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Covid has come along like a thief in the night and stolen just about every employment convention in the book. And South Africa was ripe for the plucking!  With its stagnating economy, huge debt, rating agency downgrades, state capture and an ever-increasing unemployment statistic, it only needed a small breeze to tip it over the precipice. What we got was a gigantic sneeze from the rest of the world that flung us off the cliff in no uncertain terms.

As a recruitment agency of some 47 years standing, we have experienced some of the best and the worst of South Africa and the world’s economy.  There were clear indications, before Covid, that the landscape in the advertising, marketing, media and communications industry was changing. There was a definite trend towards hiring on contract, freelance and short-term agreements and paying only for work delivered. Salaried employees who resigned were not being replaced and only those who proved their worth on previous assignments were considered for permanent employment. In two short months this trend has become the norm. How to effectively engage with clients in a work from home arrangement, cutting overheads and a more critical analysis of the true value of each employee is occupying the minds of, especially, small business owners now. Salaries are being replaced with pay for performance clauses in flexible agreements with working hours and leave no longer the sticking points they used to be.

I expect this to continue, even after we get through the immediate crisis of Covid, and make our way through the economic challenges we are still to face in South Africa. There is a large acceptance from our candidates that they are unlikely to be permanently employed in the near future and that their remuneration will depend largely on freelance assignments and the quality of work they deliver. We are seeing examples of “self-preservation marketing” where candidates are upskilling and making themselves available on various platforms, both locally and on the international stage. This is being well received by the industry as it makes for more competitive work and raises the quality.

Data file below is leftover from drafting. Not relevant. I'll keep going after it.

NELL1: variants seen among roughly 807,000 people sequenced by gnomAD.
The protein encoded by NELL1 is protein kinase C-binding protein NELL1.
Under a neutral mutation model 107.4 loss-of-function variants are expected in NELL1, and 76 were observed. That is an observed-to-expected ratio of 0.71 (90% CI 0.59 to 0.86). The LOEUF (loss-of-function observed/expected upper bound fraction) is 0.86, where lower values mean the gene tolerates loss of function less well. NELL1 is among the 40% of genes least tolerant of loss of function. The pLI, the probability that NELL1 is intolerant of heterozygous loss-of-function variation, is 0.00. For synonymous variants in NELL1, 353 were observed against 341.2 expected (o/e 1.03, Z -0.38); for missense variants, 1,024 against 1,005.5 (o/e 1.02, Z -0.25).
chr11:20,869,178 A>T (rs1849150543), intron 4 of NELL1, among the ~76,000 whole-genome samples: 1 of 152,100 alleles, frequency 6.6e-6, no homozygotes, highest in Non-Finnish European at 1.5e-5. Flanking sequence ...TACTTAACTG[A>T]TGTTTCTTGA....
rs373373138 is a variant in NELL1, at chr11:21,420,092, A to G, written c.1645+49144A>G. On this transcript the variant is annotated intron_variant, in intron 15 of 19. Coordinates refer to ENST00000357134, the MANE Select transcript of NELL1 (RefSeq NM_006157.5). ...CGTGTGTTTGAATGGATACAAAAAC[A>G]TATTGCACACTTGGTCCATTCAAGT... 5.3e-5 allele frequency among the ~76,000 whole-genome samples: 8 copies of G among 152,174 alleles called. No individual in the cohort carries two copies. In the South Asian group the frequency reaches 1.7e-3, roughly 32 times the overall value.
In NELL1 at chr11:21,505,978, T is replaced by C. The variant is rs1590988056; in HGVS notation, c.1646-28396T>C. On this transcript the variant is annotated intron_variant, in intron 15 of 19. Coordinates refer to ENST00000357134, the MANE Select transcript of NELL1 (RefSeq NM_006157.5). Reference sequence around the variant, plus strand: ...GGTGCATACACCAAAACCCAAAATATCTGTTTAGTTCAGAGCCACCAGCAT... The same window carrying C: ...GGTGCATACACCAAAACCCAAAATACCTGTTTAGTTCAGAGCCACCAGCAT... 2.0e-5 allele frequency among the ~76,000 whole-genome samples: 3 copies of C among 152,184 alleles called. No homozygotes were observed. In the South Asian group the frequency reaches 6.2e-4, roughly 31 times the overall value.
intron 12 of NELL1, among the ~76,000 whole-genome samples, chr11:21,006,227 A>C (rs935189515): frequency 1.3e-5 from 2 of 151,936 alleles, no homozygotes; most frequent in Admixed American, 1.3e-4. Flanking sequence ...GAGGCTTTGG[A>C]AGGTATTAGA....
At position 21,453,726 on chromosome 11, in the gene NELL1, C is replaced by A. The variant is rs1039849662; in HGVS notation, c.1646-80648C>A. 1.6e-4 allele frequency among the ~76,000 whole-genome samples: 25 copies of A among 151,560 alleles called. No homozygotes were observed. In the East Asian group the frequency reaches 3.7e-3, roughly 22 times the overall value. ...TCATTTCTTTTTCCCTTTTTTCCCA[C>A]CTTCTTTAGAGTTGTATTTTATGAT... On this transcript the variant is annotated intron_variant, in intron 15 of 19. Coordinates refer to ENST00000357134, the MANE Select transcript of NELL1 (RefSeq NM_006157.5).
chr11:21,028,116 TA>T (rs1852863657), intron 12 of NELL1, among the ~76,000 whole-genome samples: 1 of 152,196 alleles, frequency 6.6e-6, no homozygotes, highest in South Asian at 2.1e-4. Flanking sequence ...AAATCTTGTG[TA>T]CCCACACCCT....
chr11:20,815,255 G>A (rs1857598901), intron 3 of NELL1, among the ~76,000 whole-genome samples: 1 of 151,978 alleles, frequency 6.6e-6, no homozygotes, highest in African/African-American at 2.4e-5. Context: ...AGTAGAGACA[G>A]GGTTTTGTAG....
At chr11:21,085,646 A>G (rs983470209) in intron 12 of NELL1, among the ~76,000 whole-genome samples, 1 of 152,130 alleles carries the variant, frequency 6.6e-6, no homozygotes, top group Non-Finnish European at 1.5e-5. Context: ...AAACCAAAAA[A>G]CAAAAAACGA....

Unfortunately, there is serious collateral damage to the new norm. Unemployment statistics aren’t likely to get better any time soon with large sections of the previously, safely employed population, unable to get work and not having the skills or the desire to market themselves. Our inboxes are filled with CVs, job applications and desperate pleas for help. The best advice we can give is to keep in contact with your industry, try to stay relevant and look to diversify within your skillset.

Let’s hope that as we move to level 3 and an opening up of the economy that there will be more confidence to employ.  If there is one thing that we have learnt in our 47 years of business is that nothing stays the same for very long. This crisis will pass and when it does  – BE READY.

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